Revisiting Pink Floyd’s iconic floating concert in Venice, 1989
Following the loss of Roger Waters from Pink Floyd after their LP The Final Cut in 1989, it was clear the dynamics of Pink Floyd may never return. David Gilmour, Nick Mason, and Richard Wright all pursued solo careers with middling success their highest reach. It was obvious at the time that they had to reignite Pink Floyd with or without Waters.
So Gilmour, after an agreement with Mason and Wright, got to work on developing new solo material he’d been working and transformed it into the 13th Pink Floyd studio album and their first without Waters, A Momentary Lapse of Reason.
Although the album lacked the richness of the Gilmour and Waters’ partnership, Richard Wright, who could only contribute unofficially for legal reasons, later admitted that “it’s not a band album at all,” the LP surpassed quadruple platinum status in the U.S., largely driven by their epic single ‘Learning To Fly’. The album also made the band ‘the first rock band in space’ after the Russian crew of the Soyuz TM-7 took the disc on their 1988 expedition.
The added impetus gave the band a host of opportunities to support the album with a tour. Although they started with a small route the arenas kept filling up night after night and expanded for years. The crowd were enthused by the band’s now-infamous stage show “a large disco ball which opens like a flower. Lasers and light effects. Flying hospital beds that crash in the stage, Telescan Pods and of course the 32-foot round screen.”
When the announcement for Pink Floyd’s date in Venice in 1989 was made, nobody could’ve predicted the impact of the gig—not only on the band’s infamy but on the government of Venice.
Arriving in the glamourous canal city, the band had planned to play a free concert in the middle of the famous St. Mark’s Square to coincide with the celebration known as ‘Feast of the Redeemer’. The council of the ancient city was not impressed by this flagrant disregard for precious architecture and tensions grew. “A number of the city’s municipal administrators,” writes Lea-Catherine Szacka at The Architects’ Newspaper, “viewed the concert as an assault against Venice, something akin to a barbarian invasion of urban space.”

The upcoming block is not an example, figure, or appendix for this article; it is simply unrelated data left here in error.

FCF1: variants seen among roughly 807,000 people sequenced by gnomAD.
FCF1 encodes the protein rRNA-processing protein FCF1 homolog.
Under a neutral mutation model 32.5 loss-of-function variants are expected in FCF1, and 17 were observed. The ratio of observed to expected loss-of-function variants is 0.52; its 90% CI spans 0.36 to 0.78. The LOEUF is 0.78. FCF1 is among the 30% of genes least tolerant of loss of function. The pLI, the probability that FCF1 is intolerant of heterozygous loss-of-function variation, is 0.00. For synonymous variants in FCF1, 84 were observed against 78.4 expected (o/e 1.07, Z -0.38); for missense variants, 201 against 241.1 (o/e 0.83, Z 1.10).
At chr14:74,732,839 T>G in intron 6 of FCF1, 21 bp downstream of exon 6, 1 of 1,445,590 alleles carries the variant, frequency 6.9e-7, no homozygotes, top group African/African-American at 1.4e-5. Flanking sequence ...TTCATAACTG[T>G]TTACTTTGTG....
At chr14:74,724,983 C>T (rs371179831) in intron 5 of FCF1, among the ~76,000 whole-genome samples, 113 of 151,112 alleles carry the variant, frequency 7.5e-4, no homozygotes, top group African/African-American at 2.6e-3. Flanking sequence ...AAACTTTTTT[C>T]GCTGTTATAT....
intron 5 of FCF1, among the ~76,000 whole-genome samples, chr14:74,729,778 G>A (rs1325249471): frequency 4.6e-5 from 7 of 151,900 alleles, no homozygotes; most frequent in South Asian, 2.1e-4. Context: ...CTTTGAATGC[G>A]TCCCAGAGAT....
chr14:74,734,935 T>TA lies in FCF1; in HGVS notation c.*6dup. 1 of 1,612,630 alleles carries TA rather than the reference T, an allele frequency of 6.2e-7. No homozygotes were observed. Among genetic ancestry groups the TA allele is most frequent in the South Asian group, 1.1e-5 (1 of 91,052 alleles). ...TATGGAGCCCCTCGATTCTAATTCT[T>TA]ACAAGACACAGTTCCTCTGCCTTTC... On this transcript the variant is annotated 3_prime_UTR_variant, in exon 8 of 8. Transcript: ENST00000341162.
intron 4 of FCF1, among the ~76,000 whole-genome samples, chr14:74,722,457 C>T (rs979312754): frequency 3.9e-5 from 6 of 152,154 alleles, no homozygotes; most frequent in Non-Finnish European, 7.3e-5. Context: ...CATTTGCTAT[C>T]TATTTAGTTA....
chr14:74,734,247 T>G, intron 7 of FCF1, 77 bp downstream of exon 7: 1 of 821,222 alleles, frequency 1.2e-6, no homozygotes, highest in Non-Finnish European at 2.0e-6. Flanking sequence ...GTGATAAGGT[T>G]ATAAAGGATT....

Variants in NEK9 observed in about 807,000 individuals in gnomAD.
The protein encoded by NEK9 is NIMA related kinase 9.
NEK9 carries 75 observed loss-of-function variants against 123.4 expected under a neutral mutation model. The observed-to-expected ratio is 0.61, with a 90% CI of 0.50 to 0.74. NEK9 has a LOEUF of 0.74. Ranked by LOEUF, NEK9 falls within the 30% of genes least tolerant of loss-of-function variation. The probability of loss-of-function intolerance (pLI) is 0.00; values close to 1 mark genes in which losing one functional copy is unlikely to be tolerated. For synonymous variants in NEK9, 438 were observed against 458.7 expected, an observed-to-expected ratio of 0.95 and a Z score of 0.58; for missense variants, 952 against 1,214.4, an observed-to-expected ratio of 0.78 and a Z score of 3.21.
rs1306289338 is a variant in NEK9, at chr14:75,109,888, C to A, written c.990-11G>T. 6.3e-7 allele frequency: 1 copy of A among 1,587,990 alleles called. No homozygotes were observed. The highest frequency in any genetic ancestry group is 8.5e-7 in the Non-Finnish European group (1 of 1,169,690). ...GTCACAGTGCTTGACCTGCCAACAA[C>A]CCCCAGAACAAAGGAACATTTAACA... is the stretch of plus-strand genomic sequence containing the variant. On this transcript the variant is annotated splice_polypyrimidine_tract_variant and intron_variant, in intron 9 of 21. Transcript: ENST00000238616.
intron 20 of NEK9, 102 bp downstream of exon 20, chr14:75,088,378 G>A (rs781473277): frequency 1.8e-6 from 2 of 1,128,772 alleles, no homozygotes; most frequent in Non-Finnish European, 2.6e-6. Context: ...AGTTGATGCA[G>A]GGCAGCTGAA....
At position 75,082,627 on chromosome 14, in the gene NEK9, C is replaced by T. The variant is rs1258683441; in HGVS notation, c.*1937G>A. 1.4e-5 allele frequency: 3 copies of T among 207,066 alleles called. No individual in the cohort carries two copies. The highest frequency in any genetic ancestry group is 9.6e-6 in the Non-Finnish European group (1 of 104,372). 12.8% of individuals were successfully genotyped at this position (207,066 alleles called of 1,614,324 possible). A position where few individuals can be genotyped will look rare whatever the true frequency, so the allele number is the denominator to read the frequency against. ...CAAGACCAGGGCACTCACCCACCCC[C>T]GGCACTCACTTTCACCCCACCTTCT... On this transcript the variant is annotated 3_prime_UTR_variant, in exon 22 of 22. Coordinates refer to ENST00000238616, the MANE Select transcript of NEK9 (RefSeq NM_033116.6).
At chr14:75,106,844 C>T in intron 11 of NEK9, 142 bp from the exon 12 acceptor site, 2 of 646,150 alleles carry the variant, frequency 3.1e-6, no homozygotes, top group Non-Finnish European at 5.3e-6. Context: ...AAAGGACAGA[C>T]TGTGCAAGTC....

In fact, the city’s superintendent for cultural heritage ‘vetoed the concert’ just days before its scheduled July 15th date, “on the grounds that the amplified sound would damage the mosaics of St. Mark’s Basilica, while the whole piazza could very well sink under the weight of so many people.”
However, the parties eventually reached an agreement when the band agreed to lower the decibels of their earth-shattering live show from 100 to 60. That wasn’t the only concession, however, as the band also agreed to play on a floating platform in a canal some 200 yards from the square, in the tradition of the city. The spectacle was filmed by the state-owned television RAI and was broadcast “in over 20 countries with an estimated audience of almost 100 million.”
The show was constantly splashed across the Venetian papers and became quite the scandal as traditionalists rallied against more progressive councillors. The more progressive members of the 1989 council believed Venice “must be open to new trends, including rock music”… in 1989. Despite the huge crowd of 200,000 (150,000 more than live within the city limits) arriving to see the show, the worries of those traditionalists were largely unfounded with most patrons on best behaviour. Unfortunately, a few minor damages occurred, including some monuments being urinated on which lead to a streak of rage to rip through the city.
The resulting anger left residents calling for the head of Mayor Antonio Casellati on a platter and demanding he resigns. They were reports of residents shouting him down with “resign, resign, you’ve turned Venice into a toilet.” Casellati and the entire city council who voted him into power resigned. Leaving this gig as one of the most interesting in the history of rock music.
The question remains, was this one show worthy of bringing down a city council? Although it may seem crass to hold something like the laws of government against a rock and roll show and compare them—and we wholeheartedly agree. Of course, rock music comes first. So when faced with the previous question it’s easy to answer; just look at the joyful faces of the fans at this historical moment and imagine the millions at home, all together in unity of appreciation for one of the best live bands the world has ever seen.
You can watch the moment Pink Floyd brought down a government with their Venice gig in 1989, below.